Johannesson G.A.,National Energy Authority |
Xuezhong Y.,China Institute of Water Resources and Hydropower Research |
Phiri I.,Ministry of Energy and Water Development |
Hartmann J.,WWF |
And 8 more authors.
Water Alternatives | Year: 2010
The World Commission on Dams (WCD) has called for developers, governments, civil society, etc. to use its Strategic Priorities as a starting point for dialogue and initiatives to address issues regarding the development of dams. One very notable follow-up initiative has been led by the hydropower industry. The International Hydropower Association developed Sustainability Guidelines (IHA, 2004) and a Sustainability Assessment Protocol (IHA, 2006), and most recently has been involved in a two-year process with governments, NGOs and the finance sector to develop a broadly endorsed sustainability assessment tool based on review and update of the IHA Sustainability Assessment Protocol. This cross-sectoral process, known as the Hydropower Sustainability Assessment Forum (HSAF), has drawn on the knowledge base and many of the findings and recommendations of the World Commission on Dams, as well as a number of other developments in the last ten years. A fundamental premise of the work of the Forum is that an industry-driven and -owned initiative has far-reaching potential to influence performance in the hydropower sector. At the same time, the potential for the use of a broadly endorsed sustainability assessment tool for hydropower by those in other sectors is well recognised and aspired to by the Forum. This paper describes the work of the Forum up to August 2009 and the contents of the Draft Protocol released publicly in August 2009, and considers some of the commonalities and points of departure between this process and the WCD. The Forum's work on the Hydropower Sustainability Assessment Protocol is a work in progress, so this paper can describe but not give a full analysis of the work while it is in train.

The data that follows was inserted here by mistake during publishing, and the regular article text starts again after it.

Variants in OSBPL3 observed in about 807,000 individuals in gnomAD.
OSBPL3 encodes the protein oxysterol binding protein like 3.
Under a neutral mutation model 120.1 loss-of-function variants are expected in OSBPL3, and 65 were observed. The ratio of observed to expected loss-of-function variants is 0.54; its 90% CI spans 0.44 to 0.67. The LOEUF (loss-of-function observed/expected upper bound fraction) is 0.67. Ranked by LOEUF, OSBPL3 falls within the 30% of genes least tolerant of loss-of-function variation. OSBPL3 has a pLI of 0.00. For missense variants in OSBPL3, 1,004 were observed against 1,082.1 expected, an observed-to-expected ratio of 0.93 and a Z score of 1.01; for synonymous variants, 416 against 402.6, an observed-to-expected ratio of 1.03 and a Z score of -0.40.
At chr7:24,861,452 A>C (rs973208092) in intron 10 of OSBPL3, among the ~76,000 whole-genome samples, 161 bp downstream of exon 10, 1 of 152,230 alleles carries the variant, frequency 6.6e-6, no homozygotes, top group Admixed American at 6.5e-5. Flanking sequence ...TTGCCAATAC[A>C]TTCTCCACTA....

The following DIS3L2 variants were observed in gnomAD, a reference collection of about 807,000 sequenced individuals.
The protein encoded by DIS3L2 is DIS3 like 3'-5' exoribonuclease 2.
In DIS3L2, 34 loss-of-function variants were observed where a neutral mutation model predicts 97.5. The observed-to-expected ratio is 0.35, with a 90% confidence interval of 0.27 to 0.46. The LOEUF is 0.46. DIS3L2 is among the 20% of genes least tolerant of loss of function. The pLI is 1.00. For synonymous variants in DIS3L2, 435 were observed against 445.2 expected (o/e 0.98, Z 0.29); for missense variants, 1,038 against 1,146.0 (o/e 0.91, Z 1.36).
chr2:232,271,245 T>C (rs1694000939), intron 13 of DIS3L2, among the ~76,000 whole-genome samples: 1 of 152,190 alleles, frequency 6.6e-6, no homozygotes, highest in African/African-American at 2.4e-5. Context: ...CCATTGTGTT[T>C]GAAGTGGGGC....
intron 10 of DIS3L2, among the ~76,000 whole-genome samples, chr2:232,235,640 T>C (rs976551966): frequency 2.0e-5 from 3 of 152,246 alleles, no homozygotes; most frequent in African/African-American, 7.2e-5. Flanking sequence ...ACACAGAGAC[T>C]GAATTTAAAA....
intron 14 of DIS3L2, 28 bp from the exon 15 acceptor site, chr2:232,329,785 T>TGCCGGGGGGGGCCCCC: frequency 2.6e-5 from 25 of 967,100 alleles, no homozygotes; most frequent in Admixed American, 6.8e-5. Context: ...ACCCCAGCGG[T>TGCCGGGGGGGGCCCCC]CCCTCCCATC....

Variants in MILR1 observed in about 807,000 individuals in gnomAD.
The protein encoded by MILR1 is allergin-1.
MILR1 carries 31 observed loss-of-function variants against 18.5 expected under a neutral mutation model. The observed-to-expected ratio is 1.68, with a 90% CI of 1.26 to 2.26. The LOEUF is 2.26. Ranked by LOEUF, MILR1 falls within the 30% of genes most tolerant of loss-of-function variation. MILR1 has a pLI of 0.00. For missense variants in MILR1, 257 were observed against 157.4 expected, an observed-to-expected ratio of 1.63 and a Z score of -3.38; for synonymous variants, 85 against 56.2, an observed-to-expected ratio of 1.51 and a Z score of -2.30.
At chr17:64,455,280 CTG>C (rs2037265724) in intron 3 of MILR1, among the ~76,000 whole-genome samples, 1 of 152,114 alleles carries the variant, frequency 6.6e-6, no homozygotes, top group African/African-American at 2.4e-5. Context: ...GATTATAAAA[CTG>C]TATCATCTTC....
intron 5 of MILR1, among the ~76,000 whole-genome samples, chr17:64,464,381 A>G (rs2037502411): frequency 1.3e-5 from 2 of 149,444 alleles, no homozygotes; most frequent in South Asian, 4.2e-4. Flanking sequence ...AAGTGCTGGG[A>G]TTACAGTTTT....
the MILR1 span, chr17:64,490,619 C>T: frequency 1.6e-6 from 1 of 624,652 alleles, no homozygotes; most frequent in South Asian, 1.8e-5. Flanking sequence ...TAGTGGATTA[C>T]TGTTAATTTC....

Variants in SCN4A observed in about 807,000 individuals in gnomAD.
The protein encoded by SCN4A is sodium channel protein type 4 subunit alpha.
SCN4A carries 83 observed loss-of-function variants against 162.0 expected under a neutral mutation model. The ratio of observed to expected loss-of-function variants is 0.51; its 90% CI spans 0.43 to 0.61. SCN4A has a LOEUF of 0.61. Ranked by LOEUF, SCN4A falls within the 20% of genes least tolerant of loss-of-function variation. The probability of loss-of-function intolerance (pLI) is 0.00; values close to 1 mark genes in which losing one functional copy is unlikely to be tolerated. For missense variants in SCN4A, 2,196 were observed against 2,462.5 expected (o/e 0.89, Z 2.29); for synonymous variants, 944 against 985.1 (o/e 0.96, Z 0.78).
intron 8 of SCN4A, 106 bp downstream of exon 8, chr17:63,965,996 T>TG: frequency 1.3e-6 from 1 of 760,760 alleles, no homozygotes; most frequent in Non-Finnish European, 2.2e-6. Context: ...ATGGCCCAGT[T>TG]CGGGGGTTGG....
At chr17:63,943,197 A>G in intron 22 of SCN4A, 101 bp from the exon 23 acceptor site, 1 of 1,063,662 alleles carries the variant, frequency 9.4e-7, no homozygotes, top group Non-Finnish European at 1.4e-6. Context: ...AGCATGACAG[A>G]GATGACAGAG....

Van de Giesen N.,Technical University of Delft |
Stomph T.-J.,Wageningen University |
Ajayi A.E.,Federal University of Technology Akurre |
Ajayi A.E.,Federal University of Lavras |
Agriculture, Ecosystems and Environment | Year: 2011
This article provides an overview of both experimental and modeling research carried out over the past 15 years by the authors addressing scaling effects in Hortonian surface runoff. Hortonian surface runoff occurs when rainfall intensity exceeds infiltration capacity of the soil. At three sites in West Africa (Côte d'Ivoire, Ghana, and Burkina Faso) runoff was measured from plots of different lengths to assess scale effects. Consistently, longer plots showed much lower runoff percentages than shorter plots. There were large variations in runoff percentages from one rainstorm to the next but there were very good correlations between plots of equal length for each single event. This strongly suggests that temporal dynamics are the cause behind the observed scale effects. In the literature, spatial variability is often proffered as explanation for such scale effects without providing a mechanism that would cause consistent reduction in runoff percentages with increasing slope length. To further examine whether temporal dynamics can indeed provide the explanation, Hortonian runoff was simulated using models with increasing levels of complexity. The simplest model was already able to reproduce the observed scale effects. Also more complex models were used that accounted explicitly for spatial variability. The conclusions remained the same regarding the role of temporal dynamics. Finally, a dimensional analysis was developed that helps predict under which circumstances one can expect scale effects similar to the ones observed in West Africa. © 2010 Elsevier B.V.